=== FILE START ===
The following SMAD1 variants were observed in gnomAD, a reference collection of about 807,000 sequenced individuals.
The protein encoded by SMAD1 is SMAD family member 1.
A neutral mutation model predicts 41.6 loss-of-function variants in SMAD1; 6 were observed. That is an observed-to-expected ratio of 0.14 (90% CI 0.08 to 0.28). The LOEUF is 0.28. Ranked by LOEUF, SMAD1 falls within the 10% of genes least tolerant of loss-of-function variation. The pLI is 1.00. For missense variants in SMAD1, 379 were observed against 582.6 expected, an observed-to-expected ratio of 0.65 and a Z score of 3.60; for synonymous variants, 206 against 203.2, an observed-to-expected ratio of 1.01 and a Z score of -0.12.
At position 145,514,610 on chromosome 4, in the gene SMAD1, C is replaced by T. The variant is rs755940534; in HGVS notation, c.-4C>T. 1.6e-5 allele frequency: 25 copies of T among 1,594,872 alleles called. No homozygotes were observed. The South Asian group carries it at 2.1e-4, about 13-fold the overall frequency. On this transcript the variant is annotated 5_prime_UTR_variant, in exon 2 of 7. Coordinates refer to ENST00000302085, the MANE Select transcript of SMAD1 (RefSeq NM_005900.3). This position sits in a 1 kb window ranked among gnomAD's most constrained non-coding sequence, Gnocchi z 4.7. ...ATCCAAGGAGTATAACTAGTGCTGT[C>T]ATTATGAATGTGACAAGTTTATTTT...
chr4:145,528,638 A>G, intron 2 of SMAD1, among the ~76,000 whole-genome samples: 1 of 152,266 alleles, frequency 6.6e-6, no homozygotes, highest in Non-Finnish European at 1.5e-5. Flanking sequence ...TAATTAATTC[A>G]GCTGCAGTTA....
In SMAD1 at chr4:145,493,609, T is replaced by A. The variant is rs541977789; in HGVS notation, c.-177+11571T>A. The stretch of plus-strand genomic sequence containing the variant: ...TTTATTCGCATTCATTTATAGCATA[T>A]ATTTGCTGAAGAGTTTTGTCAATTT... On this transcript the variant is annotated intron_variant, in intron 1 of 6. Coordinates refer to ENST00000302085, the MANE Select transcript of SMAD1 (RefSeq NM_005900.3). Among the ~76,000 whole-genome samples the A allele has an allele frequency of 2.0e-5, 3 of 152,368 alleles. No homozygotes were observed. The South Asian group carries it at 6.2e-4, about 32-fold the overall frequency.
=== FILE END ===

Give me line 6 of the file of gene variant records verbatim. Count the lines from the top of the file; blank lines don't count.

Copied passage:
In SMAD1 at chr4:145,493,609, T is replaced by A. The variant is rs541977789; in HGVS notation, c.-177+11571T>A. The stretch of plus-strand genomic sequence containing the variant: ...TTTATTCGCATTCATTTATAGCATA[T>A]ATTTGCTGAAGAGTTTTGTCAATTT... On this transcript the variant is annotated intron_variant, in intron 1 of 6. Coordinates refer to ENST00000302085, the MANE Select transcript of SMAD1 (RefSeq NM_005900.3). Among the ~76,000 whole-genome samples the A allele has an allele frequency of 2.0e-5, 3 of 152,368 alleles. No homozygotes were observed. The South Asian group carries it at 6.2e-4, about 32-fold the overall frequency.